Title:
Methods for measuring dopant concentrations in optical fibers and preforms
United States Patent 4161656


Abstract:
Techniques are disclosed for determining the distribution of dopants in optical fibers and fiber preforms by observing the reaction of a fiber/preform to uv illumination. One technique measures the fluorescence induced by the uv. A second method measures the absorption of uv by the dopants. Thus, by determining the intensity distribution of radiant energy from the fiber/preform, the dopant distribution can be determined as a function of distance from the center of the fiber/preform.



Inventors:
Marcuse, Dietrich (Lincroft, NJ)
Presby, Herman M. (Highland Park, NJ)
Application Number:
05/890869
Publication Date:
07/17/1979
Filing Date:
03/28/1978
Assignee:
Bell Telephone Laboratories, Incorporated (Murray Hill, NJ)
Primary Class:
Other Classes:
356/73.1
International Classes:
C03B37/027; G01M11/00; (IPC1-7): G01T1/10; G01N21/38
Field of Search:
250/302, 250/303, 250/458, 250/461R, 250/459
View Patent Images:
US Patent References:
4025156Graded-index fiber for multimode optical communication1977-05-24Gloge et al.350/96WG
3434774WAVEGUIDE FOR MILLIMETER AND OPTICAL WAVES1969-03-25Miller350/96WG



Other References:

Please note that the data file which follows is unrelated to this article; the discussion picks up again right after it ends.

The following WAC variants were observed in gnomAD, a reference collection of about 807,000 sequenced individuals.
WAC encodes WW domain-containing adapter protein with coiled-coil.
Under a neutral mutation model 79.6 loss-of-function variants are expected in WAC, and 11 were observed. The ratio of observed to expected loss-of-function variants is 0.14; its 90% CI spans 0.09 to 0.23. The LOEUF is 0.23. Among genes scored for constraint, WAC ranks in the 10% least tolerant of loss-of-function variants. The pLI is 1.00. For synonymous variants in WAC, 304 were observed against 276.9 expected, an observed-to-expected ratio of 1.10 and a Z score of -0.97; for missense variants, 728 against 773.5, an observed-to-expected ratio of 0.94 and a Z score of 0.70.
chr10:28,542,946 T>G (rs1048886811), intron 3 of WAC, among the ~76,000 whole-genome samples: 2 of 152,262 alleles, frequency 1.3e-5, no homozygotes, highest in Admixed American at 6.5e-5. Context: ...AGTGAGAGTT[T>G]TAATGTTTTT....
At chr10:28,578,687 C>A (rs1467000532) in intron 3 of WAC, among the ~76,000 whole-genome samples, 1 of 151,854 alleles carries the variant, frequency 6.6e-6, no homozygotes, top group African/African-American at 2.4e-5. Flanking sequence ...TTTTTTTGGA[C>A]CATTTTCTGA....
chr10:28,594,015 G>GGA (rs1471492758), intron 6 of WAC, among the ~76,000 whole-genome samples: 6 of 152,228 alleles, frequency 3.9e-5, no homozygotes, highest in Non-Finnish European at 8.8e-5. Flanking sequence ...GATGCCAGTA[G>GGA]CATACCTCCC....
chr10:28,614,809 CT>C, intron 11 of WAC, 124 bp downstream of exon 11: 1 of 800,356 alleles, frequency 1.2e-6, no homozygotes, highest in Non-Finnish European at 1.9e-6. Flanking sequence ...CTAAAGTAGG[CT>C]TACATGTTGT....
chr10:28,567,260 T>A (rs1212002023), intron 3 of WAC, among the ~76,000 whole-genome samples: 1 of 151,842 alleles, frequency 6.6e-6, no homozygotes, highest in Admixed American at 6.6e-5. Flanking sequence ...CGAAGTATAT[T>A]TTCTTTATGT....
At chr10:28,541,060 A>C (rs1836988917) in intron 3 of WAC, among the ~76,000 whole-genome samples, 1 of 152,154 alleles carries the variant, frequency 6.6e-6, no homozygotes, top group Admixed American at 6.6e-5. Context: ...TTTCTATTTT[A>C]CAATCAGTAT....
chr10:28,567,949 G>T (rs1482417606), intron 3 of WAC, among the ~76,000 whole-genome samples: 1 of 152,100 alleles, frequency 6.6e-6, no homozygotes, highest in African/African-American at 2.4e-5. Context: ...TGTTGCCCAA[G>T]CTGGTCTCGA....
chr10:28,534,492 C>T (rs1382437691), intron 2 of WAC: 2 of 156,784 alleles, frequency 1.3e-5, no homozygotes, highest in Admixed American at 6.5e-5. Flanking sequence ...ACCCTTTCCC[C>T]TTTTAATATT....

The Bell System Technical Journal, "Multimode Theory of Graded-Core Fibers", vol. 52, No. 9, Nov. 1973, pp. 1563-1578.
Primary Examiner:
Smith, Alfred E.
Assistant Examiner:
Howell, Janice A.
Attorney, Agent or Firm:
Sherman, Sylvan
Claims:
We claim:

1. A method of determining the dopant concentrations in optical fibers and fiber preforms CHARACTERIZED BY THE STEPS OF:

illuminating a length of a fiber/preform with a source of ultraviolet radiation;

determining, along a direction transverse to the longitudinal axis of said fiber/preform, the intensity distribution of radiant energy derived from said fiber/preform; and

determining from said intensity distribution, the concentration of dopant as a function of distance from the center of the fiber/preform.



2. The method according to claim 1 CHARACTERIZED IN THAT:

the radiant energy measured is the fluorescent light produced by the dopant whose concentration is to be determined.



3. The method according to claim 1 CHARACTERIZED IN THAT:

the radiant energy measured is the ultraviolet light that has traversed the fiber/preform.



4. The method according to claim 1 CHARACTERIZED IN THAT:

the relationship between the measured light intensity P(y) and the dopant concentration ρ(r) is given by ##EQU3## where r assumes all values between zero and a.



5. The method according to claim 1 wherein said fiber/preform contains a plurality of different dopants; CHARACTERIZED IN THAT:

said method is repeated for each of said dopants using a different wavelength of ultraviolet light for each dopant.



Description:

TECHNICAL FIELD

This invention relates to methods for determining the refractive index profile of optical fibers and fiber preforms by determining the concentration and distribution of index-modifying dopants within the fibers and preforms.

BACKGROUND OF THE INVENTION